Two years later, Marta was offered a bigger venue across the original site of her restaurant. Sprinkled with subtle touches of Spain, the spanking new site, which can seat up to 250, recreates the lively social vibe of the original place where the tapas tradition started. According to lore, the tradition of tapas (the word tapa literally means “lid”) started in Andalusian taverns, where beverages were served with a small lid on top to keep flies out. Then tavern owners realised that they could use the saucer to serve small bites to entice customers, hence the beginning of the tapas tradition. Because the serving of food was small enough, people in Spain would hop from bar to bar sampling different types of tapas.
“Here, we aim to bring together all the best tapas experiences under one roof,” Marta explains.
Defining Spanish ingredients such as olive oil, lemon, garlic, parsley, oregano, paprika and pimiento, a sweet and hot spice, make a prominent presence in her repertoire. While Marta stays true to her Spanish roots, she sources her ingredients locally where possible, except for speciality items such as Iberico ham and cheese. For example, her husband goes to the Taman Tun Dr Ismail market four times a week to get seafood.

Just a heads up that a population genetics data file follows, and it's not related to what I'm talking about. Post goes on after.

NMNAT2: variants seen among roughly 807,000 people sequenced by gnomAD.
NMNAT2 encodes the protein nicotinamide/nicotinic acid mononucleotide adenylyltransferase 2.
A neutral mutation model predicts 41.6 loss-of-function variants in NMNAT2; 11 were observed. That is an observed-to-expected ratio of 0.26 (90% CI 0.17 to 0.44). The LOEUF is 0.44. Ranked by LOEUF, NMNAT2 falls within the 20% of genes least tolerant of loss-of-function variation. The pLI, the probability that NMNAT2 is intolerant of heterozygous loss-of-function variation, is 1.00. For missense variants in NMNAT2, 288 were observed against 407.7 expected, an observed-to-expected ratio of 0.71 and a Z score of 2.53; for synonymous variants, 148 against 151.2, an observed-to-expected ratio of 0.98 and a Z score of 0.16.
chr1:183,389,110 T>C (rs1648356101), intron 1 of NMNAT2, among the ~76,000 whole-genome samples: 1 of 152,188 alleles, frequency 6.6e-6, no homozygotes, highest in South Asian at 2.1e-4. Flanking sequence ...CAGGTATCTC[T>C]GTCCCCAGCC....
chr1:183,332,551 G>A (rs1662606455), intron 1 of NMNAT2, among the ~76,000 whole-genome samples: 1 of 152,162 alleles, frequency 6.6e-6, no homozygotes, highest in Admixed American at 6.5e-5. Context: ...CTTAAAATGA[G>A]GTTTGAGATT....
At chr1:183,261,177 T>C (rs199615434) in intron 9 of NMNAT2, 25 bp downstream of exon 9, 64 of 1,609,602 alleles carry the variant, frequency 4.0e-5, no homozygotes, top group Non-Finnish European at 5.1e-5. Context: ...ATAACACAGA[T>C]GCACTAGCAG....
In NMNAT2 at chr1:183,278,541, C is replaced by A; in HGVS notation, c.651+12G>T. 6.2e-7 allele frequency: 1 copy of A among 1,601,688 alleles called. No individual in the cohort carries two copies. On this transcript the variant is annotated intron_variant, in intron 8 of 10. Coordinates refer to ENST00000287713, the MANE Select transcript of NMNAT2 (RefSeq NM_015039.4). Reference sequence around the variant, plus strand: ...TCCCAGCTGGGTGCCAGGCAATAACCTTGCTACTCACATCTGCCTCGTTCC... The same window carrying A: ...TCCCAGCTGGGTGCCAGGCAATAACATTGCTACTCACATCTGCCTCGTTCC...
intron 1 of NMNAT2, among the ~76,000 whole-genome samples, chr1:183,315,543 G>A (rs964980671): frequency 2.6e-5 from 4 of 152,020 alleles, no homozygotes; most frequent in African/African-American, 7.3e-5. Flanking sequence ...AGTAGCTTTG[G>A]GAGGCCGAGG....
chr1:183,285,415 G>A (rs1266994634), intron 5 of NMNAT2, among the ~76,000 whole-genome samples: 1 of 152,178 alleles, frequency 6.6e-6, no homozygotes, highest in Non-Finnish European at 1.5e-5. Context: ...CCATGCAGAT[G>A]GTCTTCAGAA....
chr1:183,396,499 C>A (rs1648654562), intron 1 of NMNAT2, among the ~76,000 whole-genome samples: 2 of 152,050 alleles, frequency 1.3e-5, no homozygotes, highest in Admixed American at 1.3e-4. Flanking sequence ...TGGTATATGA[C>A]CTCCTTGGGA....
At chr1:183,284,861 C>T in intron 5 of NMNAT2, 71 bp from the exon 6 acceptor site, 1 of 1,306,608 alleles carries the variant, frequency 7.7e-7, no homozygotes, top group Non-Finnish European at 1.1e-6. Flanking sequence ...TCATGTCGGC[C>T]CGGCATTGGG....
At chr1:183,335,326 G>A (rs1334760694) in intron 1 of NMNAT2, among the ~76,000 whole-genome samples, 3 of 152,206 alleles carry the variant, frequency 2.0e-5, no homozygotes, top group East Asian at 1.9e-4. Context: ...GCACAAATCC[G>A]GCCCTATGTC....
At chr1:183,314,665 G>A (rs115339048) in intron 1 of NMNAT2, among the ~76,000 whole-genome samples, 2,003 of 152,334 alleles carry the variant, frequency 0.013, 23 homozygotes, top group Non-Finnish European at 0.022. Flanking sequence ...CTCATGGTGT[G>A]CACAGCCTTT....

Working with local ingredients does require some adjustments. “Did you know that tropical prawns and prawns from cold waters react differently? In Spain, you heat up the oil, turn off the fire, put in the prawns and cover the prawns, and the prawns are done. Here, we cannot do that because the meat is very crunchy and sweet. So we need to fry them first.”
Marta’s motto is to only serve her customers what she would serve her kids, so everything is made from scratch without additives. “Feeding people is such a huge responsibility. It is a lot of work to create a menu that is good and consistently good. I’ve never worked so hard in my life. For three years, I work 80 hours a week and since July, I got three days off,” she says ruefully.
Long hours, military precision, perfectionism – where is the fun part?
“To see people enjoying the food. On Sundays, I have Spanish couples in their 30s with kids coming here and they act the same way like they would when they go to see their mum because they feel at home. They tell me that the food is exactly how one would taste it in Spain. That makes a world of difference to me and keeps me going.”
Cook Like A Chef
Marta shares her recipe for Spanish Omelette.
- 6 eggs
- 500g potatoes
- 100g yellow onion
- 250ml olive oil
- 1 tsp salt
- Peel, wash and thinly slice the potatoes.
- Soak them in water for 10 minutes.
- Mince the onion.
- Warm up the oil in a pan.
- Fry the potatoes and the onion at low heat until soft.
- Drain the potato and onion mixture. Put aside.
- Beat the eggs. Add salt and mix well.
- Add potato-onion mixture into the eggs.
- Warm up a pan with 15ml of olive oil. Pour the potato, onion and egg mixture into the pan.
- After 30 seconds, turn the omelette over to the uncooked side.
- Repeat the action until omelette is cooked to your taste.
- Serve on a round plate.